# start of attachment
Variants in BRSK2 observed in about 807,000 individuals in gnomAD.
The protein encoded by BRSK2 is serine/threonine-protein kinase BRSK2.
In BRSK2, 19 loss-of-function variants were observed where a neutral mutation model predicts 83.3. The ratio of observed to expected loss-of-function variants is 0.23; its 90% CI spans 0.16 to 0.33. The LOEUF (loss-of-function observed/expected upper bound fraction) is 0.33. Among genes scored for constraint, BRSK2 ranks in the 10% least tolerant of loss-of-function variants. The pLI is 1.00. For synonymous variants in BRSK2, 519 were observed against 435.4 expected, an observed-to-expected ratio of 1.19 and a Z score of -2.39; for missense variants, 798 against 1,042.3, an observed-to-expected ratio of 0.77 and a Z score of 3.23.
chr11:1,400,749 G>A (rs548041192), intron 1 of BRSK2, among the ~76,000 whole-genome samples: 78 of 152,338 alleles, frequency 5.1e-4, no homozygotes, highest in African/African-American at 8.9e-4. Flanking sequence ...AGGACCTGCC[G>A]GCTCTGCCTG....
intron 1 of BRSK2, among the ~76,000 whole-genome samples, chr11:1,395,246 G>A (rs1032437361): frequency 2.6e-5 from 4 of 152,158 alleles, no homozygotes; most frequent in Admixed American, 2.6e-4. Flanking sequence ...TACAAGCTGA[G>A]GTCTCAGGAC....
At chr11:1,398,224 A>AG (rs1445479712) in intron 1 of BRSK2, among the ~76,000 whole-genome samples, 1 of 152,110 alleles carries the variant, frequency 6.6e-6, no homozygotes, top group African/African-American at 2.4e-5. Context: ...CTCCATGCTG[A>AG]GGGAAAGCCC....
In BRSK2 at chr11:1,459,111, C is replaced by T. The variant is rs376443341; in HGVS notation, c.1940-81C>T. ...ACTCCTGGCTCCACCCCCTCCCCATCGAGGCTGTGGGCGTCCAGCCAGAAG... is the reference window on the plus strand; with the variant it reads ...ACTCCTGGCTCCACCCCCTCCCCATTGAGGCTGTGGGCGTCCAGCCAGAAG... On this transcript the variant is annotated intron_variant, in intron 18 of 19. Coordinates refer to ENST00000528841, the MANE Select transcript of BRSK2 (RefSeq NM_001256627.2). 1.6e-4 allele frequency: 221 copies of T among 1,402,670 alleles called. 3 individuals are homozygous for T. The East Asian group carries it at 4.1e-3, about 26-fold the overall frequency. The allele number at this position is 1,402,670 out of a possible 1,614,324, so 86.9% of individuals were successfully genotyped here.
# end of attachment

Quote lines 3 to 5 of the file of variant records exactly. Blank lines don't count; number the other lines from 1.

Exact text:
In BRSK2, 19 loss-of-function variants were observed where a neutral mutation model predicts 83.3. The ratio of observed to expected loss-of-function variants is 0.23; its 90% CI spans 0.16 to 0.33. The LOEUF (loss-of-function observed/expected upper bound fraction) is 0.33. Among genes scored for constraint, BRSK2 ranks in the 10% least tolerant of loss-of-function variants. The pLI is 1.00. For synonymous variants in BRSK2, 519 were observed against 435.4 expected, an observed-to-expected ratio of 1.19 and a Z score of -2.39; for missense variants, 798 against 1,042.3, an observed-to-expected ratio of 0.77 and a Z score of 3.23.
chr11:1,400,749 G>A (rs548041192), intron 1 of BRSK2, among the ~76,000 whole-genome samples: 78 of 152,338 alleles, frequency 5.1e-4, no homozygotes, highest in African/African-American at 8.9e-4. Flanking sequence ...AGGACCTGCC[G>A]GCTCTGCCTG....
intron 1 of BRSK2, among the ~76,000 whole-genome samples, chr11:1,395,246 G>A (rs1032437361): frequency 2.6e-5 from 4 of 152,158 alleles, no homozygotes; most frequent in Admixed American, 2.6e-4. Flanking sequence ...TACAAGCTGA[G>A]GTCTCAGGAC....